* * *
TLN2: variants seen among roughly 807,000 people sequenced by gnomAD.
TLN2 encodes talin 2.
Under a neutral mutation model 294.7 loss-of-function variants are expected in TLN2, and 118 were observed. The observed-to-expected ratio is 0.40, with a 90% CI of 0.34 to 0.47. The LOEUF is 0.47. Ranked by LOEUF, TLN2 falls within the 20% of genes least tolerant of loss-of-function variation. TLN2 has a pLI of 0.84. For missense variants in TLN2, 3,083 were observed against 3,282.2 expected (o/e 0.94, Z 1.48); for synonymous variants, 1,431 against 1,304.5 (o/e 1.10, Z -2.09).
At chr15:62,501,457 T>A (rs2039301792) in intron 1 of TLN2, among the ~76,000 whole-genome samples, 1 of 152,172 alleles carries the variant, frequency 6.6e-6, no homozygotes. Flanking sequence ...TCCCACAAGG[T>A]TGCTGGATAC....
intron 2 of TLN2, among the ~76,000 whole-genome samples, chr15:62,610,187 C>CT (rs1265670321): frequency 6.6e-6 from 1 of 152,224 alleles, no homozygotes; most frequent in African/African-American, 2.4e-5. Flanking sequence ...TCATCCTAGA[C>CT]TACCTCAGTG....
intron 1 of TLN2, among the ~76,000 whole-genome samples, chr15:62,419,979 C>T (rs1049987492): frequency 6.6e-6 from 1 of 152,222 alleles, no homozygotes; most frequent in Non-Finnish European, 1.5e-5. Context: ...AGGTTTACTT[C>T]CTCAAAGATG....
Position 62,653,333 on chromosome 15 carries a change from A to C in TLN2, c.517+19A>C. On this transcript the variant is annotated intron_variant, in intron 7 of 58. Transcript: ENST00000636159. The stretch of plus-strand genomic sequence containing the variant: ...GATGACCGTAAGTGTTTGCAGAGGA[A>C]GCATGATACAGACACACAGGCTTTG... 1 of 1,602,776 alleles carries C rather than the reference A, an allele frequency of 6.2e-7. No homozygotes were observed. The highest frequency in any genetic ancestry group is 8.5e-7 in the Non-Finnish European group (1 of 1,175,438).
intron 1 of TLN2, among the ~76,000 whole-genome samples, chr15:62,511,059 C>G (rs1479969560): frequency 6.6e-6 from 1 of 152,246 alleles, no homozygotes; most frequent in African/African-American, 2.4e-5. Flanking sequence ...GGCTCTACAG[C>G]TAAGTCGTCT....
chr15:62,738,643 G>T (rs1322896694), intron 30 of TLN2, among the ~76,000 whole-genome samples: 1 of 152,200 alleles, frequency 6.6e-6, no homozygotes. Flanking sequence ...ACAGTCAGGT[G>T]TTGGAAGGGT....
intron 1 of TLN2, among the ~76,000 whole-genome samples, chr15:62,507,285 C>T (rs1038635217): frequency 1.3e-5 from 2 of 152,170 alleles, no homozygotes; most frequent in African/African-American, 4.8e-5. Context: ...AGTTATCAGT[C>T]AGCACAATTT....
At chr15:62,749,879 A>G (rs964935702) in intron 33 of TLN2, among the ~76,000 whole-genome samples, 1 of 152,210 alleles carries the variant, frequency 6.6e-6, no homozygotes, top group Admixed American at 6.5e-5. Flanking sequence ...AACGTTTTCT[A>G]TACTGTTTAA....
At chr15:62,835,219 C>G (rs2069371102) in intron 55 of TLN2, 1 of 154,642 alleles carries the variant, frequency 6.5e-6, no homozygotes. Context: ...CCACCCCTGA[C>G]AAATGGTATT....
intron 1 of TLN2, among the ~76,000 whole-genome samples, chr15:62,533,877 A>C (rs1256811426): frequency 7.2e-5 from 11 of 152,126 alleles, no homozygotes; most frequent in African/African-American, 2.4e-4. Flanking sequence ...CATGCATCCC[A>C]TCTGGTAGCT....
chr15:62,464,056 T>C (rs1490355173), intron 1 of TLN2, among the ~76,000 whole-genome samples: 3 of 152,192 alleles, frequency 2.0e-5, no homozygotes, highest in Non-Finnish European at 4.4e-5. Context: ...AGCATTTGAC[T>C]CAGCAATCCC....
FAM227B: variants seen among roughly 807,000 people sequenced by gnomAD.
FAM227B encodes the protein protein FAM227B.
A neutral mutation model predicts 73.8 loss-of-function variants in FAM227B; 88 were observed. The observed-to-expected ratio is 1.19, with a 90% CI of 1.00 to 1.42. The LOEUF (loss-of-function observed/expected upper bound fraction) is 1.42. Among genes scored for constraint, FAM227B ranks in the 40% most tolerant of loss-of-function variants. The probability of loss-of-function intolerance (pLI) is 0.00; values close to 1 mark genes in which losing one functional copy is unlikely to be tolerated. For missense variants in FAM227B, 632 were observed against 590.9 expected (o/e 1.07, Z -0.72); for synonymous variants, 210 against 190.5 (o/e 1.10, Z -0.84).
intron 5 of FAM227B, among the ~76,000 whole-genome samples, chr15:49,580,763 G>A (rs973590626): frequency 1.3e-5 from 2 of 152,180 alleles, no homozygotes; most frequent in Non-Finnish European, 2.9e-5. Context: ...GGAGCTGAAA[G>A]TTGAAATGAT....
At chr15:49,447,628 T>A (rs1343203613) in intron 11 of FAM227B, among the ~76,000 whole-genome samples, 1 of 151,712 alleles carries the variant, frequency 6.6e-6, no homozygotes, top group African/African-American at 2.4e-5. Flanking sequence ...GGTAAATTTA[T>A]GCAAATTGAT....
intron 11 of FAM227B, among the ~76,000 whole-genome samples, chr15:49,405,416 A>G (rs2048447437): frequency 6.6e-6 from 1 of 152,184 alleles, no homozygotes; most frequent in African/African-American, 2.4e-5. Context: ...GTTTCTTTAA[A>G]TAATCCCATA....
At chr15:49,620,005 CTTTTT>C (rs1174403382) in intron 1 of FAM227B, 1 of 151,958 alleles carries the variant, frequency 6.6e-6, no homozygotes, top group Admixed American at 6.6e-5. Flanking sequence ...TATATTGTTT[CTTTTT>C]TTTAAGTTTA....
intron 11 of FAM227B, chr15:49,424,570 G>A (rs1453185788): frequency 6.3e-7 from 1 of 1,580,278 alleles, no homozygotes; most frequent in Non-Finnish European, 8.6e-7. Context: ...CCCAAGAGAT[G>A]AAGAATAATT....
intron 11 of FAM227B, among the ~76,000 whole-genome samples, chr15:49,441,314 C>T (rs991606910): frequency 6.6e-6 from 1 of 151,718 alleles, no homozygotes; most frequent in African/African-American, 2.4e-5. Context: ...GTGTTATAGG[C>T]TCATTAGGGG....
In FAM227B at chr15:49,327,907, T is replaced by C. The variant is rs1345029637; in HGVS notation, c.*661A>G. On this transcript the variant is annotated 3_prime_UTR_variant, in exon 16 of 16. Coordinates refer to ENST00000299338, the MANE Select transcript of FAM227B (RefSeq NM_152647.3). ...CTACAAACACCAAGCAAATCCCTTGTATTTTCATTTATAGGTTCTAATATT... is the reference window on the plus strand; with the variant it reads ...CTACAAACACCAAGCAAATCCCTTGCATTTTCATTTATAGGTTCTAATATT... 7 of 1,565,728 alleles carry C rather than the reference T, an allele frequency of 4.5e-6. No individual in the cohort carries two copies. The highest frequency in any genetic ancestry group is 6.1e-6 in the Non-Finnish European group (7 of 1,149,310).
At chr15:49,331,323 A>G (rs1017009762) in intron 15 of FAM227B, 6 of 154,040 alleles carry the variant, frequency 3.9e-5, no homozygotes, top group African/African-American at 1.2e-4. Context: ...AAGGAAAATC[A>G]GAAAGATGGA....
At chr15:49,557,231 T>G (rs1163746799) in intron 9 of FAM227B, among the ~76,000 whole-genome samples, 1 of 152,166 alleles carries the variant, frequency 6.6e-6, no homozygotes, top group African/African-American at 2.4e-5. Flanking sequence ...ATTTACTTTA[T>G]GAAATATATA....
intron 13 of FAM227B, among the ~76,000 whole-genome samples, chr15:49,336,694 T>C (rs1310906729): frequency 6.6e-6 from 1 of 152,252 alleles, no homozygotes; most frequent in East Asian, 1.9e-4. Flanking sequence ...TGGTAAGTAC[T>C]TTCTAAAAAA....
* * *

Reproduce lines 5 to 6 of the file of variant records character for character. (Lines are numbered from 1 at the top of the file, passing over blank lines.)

intron 2 of TLN2, among the ~76,000 whole-genome samples, chr15:62,610,187 C>CT (rs1265670321): frequency 6.6e-6 from 1 of 152,224 alleles, no homozygotes; most frequent in African/African-American, 2.4e-5. Flanking sequence ...TCATCCTAGA[C>CT]TACCTCAGTG....
intron 1 of TLN2, among the ~76,000 whole-genome samples, chr15:62,419,979 C>T (rs1049987492): frequency 6.6e-6 from 1 of 152,222 alleles, no homozygotes; most frequent in Non-Finnish European, 1.5e-5. Context: ...AGGTTTACTT[C>T]CTCAAAGATG....